SEATTLE — The American Civil Liberties Union of Washington, whose complaints about violent and biased policing in Seattle helped bring about a decade of federal police oversight, sees little to celebrate in the proposed end of the 2012 settlement agreement between the city and the U.S. Justice Department.
The ACLU disputes a recent public declaration by federal, city and police officials that the Seattle Police Department is a “transformed organization” capable of ensuring and maintaining constitutional community policing, and no longer requiring most court oversight.
While recognizing the so-called consent decree can’t remain in place forever, ACLU attorneys point to ongoing racial disparities in use of force and investigatory stops, as well as violence against peaceful protesters during the summer of 2020, as evidence of the limits of the SPD’s reform.
“While the consent decree ushered in changes to SPD’s policies, data collection, and training, the Department, regrettably is not a ‘transformed organization,'” wrote the ACLU leadership in a brief filed last week in federal court. “If the consent decree is terminated, [the ACLU], an original requestor, will not celebrate the news as a moment of ‘mission accomplished.'”
U.S. District Judge James Robart, who has overseen the consent decree since its inception, has set a hearing May 30 to consider the Department of Justice and city of Seattle’s joint motion to end court oversight of most of the reforms called for by the agreement.
The city and the DOJ agree that the key reform areas of officer accountability and crowd control should remain under Robart’s jurisdiction for at least another year while new SPD policies and city legislation are considered, and the city completes its contract negotiations with the Seattle Police Officers Guild, whose past contracts have undermined the city’s accountability efforts.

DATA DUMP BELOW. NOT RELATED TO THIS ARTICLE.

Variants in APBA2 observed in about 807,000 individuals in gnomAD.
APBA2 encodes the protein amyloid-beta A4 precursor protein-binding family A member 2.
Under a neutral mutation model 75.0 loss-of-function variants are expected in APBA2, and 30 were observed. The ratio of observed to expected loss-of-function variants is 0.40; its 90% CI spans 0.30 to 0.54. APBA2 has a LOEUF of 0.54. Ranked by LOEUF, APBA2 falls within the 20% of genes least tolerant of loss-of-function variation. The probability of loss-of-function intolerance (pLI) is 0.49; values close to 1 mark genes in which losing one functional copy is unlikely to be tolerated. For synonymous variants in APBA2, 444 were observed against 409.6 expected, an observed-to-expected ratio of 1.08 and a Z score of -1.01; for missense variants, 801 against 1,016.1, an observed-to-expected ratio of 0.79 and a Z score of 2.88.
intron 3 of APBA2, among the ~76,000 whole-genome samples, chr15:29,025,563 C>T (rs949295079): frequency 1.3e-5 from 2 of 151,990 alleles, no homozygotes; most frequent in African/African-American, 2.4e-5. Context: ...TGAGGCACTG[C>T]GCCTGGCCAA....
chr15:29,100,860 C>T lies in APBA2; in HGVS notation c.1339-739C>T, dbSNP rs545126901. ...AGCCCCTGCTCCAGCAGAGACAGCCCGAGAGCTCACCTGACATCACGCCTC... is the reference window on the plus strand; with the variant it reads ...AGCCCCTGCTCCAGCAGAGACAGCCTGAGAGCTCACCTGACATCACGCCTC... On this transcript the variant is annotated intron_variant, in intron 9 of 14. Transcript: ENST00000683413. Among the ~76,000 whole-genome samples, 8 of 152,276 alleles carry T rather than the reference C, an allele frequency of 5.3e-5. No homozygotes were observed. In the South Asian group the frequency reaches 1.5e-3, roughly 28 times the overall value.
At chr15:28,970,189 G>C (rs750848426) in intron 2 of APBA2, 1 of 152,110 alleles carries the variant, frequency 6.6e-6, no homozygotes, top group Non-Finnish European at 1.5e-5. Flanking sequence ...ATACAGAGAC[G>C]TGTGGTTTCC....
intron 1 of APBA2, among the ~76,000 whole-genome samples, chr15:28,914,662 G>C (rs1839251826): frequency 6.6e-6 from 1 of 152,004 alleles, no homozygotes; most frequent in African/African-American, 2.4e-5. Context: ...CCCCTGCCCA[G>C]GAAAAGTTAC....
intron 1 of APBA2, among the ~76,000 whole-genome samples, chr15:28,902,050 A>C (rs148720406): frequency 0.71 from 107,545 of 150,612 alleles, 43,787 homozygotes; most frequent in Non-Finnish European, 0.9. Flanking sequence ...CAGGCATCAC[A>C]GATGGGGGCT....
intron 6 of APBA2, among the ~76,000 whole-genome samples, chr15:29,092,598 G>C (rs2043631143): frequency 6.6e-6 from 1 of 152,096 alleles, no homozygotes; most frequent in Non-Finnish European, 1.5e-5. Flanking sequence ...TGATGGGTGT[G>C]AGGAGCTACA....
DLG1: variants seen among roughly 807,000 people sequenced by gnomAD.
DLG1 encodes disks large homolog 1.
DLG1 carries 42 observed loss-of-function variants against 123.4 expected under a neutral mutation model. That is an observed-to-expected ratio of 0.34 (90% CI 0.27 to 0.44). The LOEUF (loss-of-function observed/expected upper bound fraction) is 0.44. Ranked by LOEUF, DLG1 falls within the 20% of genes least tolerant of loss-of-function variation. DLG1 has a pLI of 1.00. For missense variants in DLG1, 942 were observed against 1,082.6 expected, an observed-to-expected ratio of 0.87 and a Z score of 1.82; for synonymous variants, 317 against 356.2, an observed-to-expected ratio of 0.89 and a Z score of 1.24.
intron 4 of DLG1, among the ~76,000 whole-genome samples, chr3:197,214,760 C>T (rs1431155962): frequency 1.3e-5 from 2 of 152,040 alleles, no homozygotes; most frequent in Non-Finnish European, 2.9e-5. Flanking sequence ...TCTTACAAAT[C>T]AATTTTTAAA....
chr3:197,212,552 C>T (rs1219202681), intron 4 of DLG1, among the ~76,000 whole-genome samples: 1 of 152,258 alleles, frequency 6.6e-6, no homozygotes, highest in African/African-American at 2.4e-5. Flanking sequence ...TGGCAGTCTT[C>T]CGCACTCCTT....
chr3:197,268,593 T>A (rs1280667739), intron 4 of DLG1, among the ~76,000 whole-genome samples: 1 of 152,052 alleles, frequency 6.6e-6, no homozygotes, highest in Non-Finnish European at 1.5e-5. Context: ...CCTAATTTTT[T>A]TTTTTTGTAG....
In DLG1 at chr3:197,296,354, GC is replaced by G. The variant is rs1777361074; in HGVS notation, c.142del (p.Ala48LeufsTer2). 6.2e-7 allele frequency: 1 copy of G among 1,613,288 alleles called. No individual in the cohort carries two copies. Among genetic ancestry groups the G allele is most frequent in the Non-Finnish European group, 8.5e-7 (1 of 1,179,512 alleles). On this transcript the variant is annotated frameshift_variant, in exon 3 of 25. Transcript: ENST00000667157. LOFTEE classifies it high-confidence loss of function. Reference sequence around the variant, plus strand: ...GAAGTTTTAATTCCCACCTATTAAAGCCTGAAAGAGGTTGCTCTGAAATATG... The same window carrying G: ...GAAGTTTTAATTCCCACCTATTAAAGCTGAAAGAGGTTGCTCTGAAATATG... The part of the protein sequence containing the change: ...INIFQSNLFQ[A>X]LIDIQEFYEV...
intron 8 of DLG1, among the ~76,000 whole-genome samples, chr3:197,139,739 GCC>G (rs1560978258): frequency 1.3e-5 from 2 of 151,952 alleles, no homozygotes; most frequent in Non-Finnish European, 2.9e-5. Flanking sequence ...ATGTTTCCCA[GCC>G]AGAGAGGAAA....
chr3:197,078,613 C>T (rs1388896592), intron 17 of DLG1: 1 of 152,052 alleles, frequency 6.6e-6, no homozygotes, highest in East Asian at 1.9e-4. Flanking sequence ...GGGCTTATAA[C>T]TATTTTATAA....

The ACLU’s concerns are contained in one of three “friend of the court” briefs filed ahead of the hearing by entities that believe they have a legitimate interest — and should have some say — in the court’s deliberations.
The second brief is from the Community Police Commission, which owes its existence to the consent decree and whose leaders embrace the proposed end of most oversight.
“The people of Seattle are the ultimate guarantors of police accountability,” the CPC brief declares.
The third was a motion seeking friend-of-the-court status by attorneys representing Anthony Sims, a Black deliveryman who sued the city last year over his treatment during a 2020 “felony stop” during which multiple SPD officers pointed guns at him.
The lawsuit alleges racial profiling. Sims’ attorneys claim their investigation into the traffic stop and discovery from the lawsuit raise questions about SPD training, officer accountability, use of force and illegal searches. The attorneys submitted an extensive briefing to Robart “to ensure that the Consent Decree is not prematurely terminated, and that the SPD is accountable to the law.”
Robart on Tuesday accepted Sims as an “amicus,” or friend of the court, and agreed to review his pleadings.